These nature trips became an effective and useful platform for integration, where all kinds of questions could be answered about nature, and about life in Sweden. As the immigrants became more interested in the environment, their groups began talking about more complex problems, like the connection between lifestyle choices and climate change. And, as the program evolved, Yusra made effective changes to the curriculum through the feedback she gathered from the participants and encouraged community members to share their own knowledge with each other.

Yusra’s project inspired many people and was the first of its kind in 2006. Since then, similar projects have been carried out in Sweden, Denmark and Norway. However, relatively few were as successful as Yusra’s. She thinks that it might be because nature guides who worked in those projects were native Swedes, or came from neighbouring countries. Because of this, they lacked experiences that bound the immigrants together and struggled to make the same connections with participants. Yusra believes that the real secret to integration through nature is to give immigrants opportunities to become guides themselves. “There are lots of educated immigrants in Sweden with degrees in natural sciences,” she says. “They could be great role models”.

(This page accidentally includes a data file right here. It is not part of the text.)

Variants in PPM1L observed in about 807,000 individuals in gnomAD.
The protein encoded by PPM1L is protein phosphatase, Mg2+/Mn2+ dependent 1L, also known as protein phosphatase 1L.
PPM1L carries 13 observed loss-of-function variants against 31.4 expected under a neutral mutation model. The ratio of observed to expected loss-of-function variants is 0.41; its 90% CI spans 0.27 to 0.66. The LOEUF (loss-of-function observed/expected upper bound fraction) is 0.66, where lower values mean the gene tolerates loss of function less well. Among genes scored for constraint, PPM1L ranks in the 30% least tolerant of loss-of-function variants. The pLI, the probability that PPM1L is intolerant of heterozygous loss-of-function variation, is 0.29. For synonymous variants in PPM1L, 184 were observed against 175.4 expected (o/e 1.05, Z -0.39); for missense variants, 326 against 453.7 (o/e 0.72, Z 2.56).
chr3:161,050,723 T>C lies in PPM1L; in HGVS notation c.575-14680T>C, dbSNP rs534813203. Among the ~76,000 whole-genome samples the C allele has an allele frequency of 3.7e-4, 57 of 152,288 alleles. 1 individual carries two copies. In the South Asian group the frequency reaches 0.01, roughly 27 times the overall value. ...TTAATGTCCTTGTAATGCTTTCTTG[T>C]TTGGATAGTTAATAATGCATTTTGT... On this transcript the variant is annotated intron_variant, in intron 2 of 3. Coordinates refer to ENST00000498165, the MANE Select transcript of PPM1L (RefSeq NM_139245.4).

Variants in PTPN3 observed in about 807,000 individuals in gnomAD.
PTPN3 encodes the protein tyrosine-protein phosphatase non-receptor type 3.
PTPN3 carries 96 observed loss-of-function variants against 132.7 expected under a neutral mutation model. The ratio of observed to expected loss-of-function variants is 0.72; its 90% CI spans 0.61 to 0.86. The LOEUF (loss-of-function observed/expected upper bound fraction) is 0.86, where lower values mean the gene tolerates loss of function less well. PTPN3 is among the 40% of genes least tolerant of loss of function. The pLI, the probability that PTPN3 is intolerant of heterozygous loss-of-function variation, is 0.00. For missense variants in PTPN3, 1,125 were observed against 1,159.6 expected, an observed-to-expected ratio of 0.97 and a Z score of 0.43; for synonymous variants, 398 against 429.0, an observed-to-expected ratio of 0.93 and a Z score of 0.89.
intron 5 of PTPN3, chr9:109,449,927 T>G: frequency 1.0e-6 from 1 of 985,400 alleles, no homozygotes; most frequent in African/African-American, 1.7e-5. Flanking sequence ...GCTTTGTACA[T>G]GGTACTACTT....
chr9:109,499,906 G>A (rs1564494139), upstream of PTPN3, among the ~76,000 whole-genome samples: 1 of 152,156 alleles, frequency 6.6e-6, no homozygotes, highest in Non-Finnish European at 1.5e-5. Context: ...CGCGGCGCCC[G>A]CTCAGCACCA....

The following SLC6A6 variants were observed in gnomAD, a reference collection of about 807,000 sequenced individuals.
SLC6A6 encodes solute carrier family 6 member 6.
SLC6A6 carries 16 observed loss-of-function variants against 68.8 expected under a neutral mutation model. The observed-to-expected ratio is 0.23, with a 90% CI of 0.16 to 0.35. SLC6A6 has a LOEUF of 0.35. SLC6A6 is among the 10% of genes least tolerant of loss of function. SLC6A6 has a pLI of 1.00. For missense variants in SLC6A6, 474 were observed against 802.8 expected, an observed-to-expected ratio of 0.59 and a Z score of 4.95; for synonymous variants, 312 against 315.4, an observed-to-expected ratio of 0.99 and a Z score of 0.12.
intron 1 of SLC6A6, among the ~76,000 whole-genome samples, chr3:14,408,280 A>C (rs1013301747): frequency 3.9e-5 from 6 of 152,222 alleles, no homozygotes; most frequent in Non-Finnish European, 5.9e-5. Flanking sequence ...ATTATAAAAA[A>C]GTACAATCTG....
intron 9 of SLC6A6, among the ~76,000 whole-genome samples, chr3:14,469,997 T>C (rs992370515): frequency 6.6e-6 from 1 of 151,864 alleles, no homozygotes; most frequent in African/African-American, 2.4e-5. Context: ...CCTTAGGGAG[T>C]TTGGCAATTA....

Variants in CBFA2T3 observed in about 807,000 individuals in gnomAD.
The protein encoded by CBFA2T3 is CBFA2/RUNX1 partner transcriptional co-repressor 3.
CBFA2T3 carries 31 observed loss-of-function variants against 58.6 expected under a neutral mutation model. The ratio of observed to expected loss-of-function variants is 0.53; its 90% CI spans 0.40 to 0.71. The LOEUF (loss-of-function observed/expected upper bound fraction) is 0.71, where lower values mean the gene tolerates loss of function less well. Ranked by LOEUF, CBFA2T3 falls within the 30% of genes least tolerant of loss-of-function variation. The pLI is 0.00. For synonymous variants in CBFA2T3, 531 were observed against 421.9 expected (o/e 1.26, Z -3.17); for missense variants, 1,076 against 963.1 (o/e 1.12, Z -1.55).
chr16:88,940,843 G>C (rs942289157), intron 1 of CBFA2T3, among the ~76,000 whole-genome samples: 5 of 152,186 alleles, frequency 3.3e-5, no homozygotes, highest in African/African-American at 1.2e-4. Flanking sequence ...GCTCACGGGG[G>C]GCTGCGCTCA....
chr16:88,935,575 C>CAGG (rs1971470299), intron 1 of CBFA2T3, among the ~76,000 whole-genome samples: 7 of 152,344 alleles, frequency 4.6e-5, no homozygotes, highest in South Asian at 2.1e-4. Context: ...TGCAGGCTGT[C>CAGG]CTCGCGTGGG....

Together with the Swedish Environmental Protection Agency, Yusra produced a publication about her project. The report gathers gained experiences, interesting conclusions and useful recommendations. Today, more than 10 years after the start of the project, the real results begin to show. Immigrant associations have started to receive funding for nature activities and more immigrants are becoming professional nature guides. Yusra is grateful she had the chance to fulfil her dream: “It made me the person I am today” she says, concluding that she has “the best job in the world”.

This blog post is based on an interview with Yusra Moshtat and is written by Ninél Sukovich, an intern at SIANI and recent graduate with a BSc degree in Environmental Science from Södertörn University, Sweden.